Preparing for Holy Week [Radio Readings]

You can listen to “Fights in Good Faith,” my weekly radio program, streaming today at 5pm ET and tomorrow (Sun) at 1pm.  I’ll update this post when the episode is available to download and stream.

fights in good faith

Every week, I put up a “Radio Readings” post, so you can track down the books, articles, and (this week) failed Lenten penances that I cite on the show. So, without further ado, here’s what I’m talking about this week.  

 

Lent – Offering God Whatever’s Hardest

 

  • I wrote an essay on transactional understandings of salvation for Fare Forward this week.

    A number of recommended Lenten sacrifices (sugar, coffee, etc.) seem to be suggested simply because they are difficult. As in the marshmallow test, the sacrifice is arbitrary, not a positive reshaping of our lives that we’d want to continue after Lent. These sacrifices are valuable only in that they are hard, a chance to do something costly for God.

    It can be nice do something flamboyantly generous for a loved one, and Christ praised this impulse in the woman with the alabaster jar, but exhausting ourselves in arbitrary ways has the potential to remind us less of the woman with the costly oil, and more with all the other painful, pointless-feeling sacrifices we practice on a day to day basis.

  • One discipline I tried out in Advent (and have wound up adopting year round) is setting a 1am bedtime.
  • (You can see how I’m doing, since I track my bedtime on Beeminder)

 

 

Maundy Thursday – Refusing to be Indebted

 

  • “In Which I Feel Like a Heel” – my difficulty in attending Maundy Thursday services in college didn’t have anything to do with my atheism
  • I did wind up spending one Lent trying to adjust my response to gifts — with limited success
  • “Debt, Gift, and Sacrifice in The Hunger Games – an essay by James R. Rogers for First Things:

    One theme predominates in the book, and it’s self sacrifice. But there’s an arresting twist in how author Suzzane Collins develops the topic. The dramatic movement in the book rotates more around the willingness to receive a gift of sacrificial love from others than it concerns the giving of that gift.

    To be sure, there is plenty of attention given to unalloyed self-sacrifice. Katniss’s participation in the Hunger Games resulted when she volunteered to substitute for her younger sister, Prim, who was initially selected by lottery to participate in the fight-to-the-death games. (If you haven’t read the book”the Capitol selects two young representatives from each of the twelve districts to fight to the death in the games, as tribute for their rebellion seventy-some years earlier.) Katniss never regrets her decision to offer her life in substitute for her sister.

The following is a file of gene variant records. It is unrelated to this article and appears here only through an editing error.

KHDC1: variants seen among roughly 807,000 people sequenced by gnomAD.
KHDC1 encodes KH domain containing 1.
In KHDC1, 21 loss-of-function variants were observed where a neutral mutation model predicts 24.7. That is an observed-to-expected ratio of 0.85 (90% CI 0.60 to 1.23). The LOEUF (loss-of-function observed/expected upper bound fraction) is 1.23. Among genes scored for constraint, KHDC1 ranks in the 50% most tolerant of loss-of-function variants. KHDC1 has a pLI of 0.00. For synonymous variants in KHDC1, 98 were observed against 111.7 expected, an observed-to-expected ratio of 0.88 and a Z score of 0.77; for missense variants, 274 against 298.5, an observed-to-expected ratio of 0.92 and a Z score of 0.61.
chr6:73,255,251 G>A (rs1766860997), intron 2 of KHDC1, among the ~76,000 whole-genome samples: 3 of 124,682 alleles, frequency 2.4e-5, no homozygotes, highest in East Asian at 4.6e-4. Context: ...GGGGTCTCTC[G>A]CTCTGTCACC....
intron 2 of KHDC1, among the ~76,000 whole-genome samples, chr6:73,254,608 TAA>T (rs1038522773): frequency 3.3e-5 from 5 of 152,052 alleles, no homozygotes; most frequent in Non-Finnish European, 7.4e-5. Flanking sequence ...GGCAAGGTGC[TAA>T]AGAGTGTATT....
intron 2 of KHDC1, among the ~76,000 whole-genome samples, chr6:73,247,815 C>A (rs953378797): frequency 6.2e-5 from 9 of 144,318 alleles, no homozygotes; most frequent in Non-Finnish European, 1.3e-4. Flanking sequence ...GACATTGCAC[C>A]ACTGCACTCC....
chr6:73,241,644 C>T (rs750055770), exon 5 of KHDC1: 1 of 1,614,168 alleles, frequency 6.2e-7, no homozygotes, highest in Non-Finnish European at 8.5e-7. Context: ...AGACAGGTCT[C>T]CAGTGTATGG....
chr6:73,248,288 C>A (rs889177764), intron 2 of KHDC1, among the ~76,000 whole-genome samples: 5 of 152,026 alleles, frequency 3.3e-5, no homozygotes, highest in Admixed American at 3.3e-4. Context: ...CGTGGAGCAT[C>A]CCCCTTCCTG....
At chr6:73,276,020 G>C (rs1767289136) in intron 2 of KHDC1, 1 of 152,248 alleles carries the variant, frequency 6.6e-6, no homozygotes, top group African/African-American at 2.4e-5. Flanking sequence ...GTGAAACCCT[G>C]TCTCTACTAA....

But while Katniss freely sacrifices for those she loves, she has a much more difficult time being the recipient of a self-sacrificial gift.

 

 

Palm Sunday/Good Friday – “His Blood Be Upon Us”

 

  • The play references is Sarah Ruhl’s Passion Play (which I had the pleasure of seeing at the Forum Theatre)
  • “On Palm Sunday, Blood Will Have Blood” – the essay I wrote on the unexpected consequences of one of the ugliest lines in the Palm Sunday reading:

    Lector: When Pilate saw that he was not succeeding at all, but that a riot was breaking out instead, he took water and washed his hands in the sight of the crowd, saying,Voice: I am innocent of this man’s blood.  Look to it yourselves.

    Lector: And the whole people said in reply

    Parishioners: His blood be upon us and upon our children.

    When we got up to this bloody-minded passage, I was struck by the fact that, not long after the reading, His blood would be upon us in the form of the Eucharist.  Nearly all of the lines spoken by the crowd are brutal, but this one is also prophetic, and indicates that God’s mercy can be stronger than the hatred of people.  His blood returns to us, not to dirty our hands but to cleanse them of the stain that “all the perfumes of Arabia will not sweeten.”